A new study says that people are more likely to believe and use information on a website from an identified source than that coming from a layperson, blog or a homepage.
Principal investigator Yifeng Hu, assistant professor of communications, College of New Jersey, Ewing, N.J., and colleague S. Shyam Sundar, distinguished professor of communications, Penn State, examined the relative importance of different online sources and how people evaluate and act on online health information.
AdvertisementSundar said: "Most people look for health information online by keying disease symptoms into various search engines. But the results of that search could range from experts at the Mayo Clinic to somebody's personal blog."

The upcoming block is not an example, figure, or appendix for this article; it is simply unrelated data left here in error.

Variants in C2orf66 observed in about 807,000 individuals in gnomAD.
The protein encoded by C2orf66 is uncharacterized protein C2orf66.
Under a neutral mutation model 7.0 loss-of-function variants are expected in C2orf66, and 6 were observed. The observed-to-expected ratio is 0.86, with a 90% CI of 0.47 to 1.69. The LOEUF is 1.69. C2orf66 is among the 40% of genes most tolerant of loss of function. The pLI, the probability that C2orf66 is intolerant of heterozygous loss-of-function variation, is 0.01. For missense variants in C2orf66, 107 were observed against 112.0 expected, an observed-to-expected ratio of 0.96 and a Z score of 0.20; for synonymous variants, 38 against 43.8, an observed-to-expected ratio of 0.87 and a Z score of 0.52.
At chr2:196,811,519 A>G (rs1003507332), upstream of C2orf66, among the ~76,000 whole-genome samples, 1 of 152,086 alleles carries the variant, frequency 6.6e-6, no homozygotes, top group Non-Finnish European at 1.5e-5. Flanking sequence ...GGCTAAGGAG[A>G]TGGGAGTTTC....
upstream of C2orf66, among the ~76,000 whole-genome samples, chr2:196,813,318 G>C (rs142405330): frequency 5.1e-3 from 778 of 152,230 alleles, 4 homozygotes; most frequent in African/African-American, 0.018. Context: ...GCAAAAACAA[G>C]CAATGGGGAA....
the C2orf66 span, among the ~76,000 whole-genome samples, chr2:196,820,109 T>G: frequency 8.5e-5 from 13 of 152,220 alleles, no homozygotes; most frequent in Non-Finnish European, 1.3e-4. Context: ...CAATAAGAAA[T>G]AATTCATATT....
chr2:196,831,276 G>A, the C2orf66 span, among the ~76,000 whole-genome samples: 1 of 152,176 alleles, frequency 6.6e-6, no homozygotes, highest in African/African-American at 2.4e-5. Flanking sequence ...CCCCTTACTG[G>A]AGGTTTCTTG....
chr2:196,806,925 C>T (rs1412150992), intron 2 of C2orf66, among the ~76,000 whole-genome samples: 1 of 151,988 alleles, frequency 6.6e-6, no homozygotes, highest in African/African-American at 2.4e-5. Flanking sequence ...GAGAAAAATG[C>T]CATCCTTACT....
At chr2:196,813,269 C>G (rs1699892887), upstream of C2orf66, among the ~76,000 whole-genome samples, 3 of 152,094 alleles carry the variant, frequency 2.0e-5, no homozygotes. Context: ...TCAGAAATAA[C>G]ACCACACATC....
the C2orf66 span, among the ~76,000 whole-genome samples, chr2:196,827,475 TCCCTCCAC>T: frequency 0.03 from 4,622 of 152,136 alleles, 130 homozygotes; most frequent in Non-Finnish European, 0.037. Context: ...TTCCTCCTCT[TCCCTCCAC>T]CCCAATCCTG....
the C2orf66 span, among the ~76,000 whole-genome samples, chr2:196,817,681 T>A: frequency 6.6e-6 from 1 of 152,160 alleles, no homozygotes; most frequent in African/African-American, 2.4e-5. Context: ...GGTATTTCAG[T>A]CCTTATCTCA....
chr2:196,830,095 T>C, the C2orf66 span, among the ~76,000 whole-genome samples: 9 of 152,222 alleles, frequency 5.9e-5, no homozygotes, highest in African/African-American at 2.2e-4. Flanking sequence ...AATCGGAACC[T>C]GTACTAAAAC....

Sundar added: "We wanted to find out if users differentiate between various sources of online information and how that choice impacts their decisions. The health topics were controversial enough to raise questions of credibility among readers."
Researchers found that screenshots of both health topics were seen as significantly more reliable when attributed to a doctor and featured on a website rather than on a blog, individual homepage or a bulletin board.
Sundar said: "It tells us that young people are actually differentiating between different online sources when evaluating health information on the Internet."
The study was published in the Communication Research.
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